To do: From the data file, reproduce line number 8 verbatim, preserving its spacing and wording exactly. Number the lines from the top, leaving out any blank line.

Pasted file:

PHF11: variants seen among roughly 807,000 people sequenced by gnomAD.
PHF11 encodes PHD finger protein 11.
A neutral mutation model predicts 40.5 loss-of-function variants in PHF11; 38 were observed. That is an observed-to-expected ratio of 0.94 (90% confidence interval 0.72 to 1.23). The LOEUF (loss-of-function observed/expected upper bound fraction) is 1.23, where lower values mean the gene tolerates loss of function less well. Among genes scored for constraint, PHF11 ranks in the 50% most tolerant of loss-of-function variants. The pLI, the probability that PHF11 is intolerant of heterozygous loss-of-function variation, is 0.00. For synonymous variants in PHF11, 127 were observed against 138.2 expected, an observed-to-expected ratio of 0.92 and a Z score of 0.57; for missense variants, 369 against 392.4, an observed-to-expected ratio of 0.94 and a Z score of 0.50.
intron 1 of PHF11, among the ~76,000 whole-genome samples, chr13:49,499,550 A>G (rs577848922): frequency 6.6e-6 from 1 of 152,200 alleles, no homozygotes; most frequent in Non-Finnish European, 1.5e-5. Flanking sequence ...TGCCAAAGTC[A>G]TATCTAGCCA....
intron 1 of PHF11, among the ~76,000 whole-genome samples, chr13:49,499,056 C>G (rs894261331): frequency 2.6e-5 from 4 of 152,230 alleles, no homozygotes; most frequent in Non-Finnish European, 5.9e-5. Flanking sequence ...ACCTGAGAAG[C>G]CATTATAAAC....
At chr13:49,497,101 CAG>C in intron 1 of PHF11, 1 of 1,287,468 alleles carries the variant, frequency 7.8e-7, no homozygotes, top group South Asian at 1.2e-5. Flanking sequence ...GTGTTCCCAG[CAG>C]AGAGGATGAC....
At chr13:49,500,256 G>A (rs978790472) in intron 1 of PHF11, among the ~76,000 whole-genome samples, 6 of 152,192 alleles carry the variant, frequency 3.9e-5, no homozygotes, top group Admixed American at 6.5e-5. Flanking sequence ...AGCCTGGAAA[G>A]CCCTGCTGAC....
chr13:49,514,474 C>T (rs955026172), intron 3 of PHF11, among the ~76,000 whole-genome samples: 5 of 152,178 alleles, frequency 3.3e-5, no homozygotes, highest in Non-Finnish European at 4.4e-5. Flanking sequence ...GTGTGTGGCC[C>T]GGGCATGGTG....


chr13:49,514,474 C>T (rs955026172), intron 3 of PHF11, among the ~76,000 whole-genome samples: 5 of 152,178 alleles, frequency 3.3e-5, no homozygotes, highest in Non-Finnish European at 4.4e-5. Flanking sequence ...GTGTGTGGCC[C>T]GGGCATGGTG....